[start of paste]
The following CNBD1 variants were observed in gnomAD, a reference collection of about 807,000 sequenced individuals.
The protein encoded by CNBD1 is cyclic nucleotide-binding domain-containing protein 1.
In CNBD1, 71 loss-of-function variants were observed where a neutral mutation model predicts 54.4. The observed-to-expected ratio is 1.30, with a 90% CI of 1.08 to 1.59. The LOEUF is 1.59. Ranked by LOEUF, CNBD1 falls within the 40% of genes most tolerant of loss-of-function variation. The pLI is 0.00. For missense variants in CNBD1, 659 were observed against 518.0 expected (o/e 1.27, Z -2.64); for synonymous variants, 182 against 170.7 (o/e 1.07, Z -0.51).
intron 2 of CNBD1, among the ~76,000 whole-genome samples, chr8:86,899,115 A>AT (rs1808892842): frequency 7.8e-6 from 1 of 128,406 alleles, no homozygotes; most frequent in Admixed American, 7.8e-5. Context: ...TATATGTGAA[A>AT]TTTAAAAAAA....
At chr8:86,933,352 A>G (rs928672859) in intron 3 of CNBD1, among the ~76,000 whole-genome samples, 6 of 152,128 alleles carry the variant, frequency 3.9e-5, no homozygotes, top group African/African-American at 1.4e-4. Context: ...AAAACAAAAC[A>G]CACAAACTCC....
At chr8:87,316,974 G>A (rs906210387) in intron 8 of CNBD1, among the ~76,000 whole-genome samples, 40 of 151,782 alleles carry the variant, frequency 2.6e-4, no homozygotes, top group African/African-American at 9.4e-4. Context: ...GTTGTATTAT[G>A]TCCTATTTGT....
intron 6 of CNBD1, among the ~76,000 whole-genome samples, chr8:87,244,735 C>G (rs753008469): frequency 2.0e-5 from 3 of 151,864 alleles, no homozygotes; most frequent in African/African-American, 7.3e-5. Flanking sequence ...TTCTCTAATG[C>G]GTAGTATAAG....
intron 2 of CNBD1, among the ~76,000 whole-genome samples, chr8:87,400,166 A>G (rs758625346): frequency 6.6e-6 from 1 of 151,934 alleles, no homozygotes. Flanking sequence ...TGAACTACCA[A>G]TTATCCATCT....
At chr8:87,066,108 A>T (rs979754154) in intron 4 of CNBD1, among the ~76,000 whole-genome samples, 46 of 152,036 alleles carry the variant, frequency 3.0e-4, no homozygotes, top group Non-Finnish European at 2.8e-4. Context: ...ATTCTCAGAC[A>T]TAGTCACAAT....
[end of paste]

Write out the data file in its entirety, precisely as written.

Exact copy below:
The following CNBD1 variants were observed in gnomAD, a reference collection of about 807,000 sequenced individuals.
The protein encoded by CNBD1 is cyclic nucleotide-binding domain-containing protein 1.
In CNBD1, 71 loss-of-function variants were observed where a neutral mutation model predicts 54.4. The observed-to-expected ratio is 1.30, with a 90% CI of 1.08 to 1.59. The LOEUF is 1.59. Ranked by LOEUF, CNBD1 falls within the 40% of genes most tolerant of loss-of-function variation. The pLI is 0.00. For missense variants in CNBD1, 659 were observed against 518.0 expected (o/e 1.27, Z -2.64); for synonymous variants, 182 against 170.7 (o/e 1.07, Z -0.51).
intron 2 of CNBD1, among the ~76,000 whole-genome samples, chr8:86,899,115 A>AT (rs1808892842): frequency 7.8e-6 from 1 of 128,406 alleles, no homozygotes; most frequent in Admixed American, 7.8e-5. Context: ...TATATGTGAA[A>AT]TTTAAAAAAA....
At chr8:86,933,352 A>G (rs928672859) in intron 3 of CNBD1, among the ~76,000 whole-genome samples, 6 of 152,128 alleles carry the variant, frequency 3.9e-5, no homozygotes, top group African/African-American at 1.4e-4. Context: ...AAAACAAAAC[A>G]CACAAACTCC....
At chr8:87,316,974 G>A (rs906210387) in intron 8 of CNBD1, among the ~76,000 whole-genome samples, 40 of 151,782 alleles carry the variant, frequency 2.6e-4, no homozygotes, top group African/African-American at 9.4e-4. Context: ...GTTGTATTAT[G>A]TCCTATTTGT....
intron 6 of CNBD1, among the ~76,000 whole-genome samples, chr8:87,244,735 C>G (rs753008469): frequency 2.0e-5 from 3 of 151,864 alleles, no homozygotes; most frequent in African/African-American, 7.3e-5. Flanking sequence ...TTCTCTAATG[C>G]GTAGTATAAG....
intron 2 of CNBD1, among the ~76,000 whole-genome samples, chr8:87,400,166 A>G (rs758625346): frequency 6.6e-6 from 1 of 151,934 alleles, no homozygotes. Flanking sequence ...TGAACTACCA[A>G]TTATCCATCT....
At chr8:87,066,108 A>T (rs979754154) in intron 4 of CNBD1, among the ~76,000 whole-genome samples, 46 of 152,036 alleles carry the variant, frequency 3.0e-4, no homozygotes, top group Non-Finnish European at 2.8e-4. Context: ...ATTCTCAGAC[A>T]TAGTCACAAT....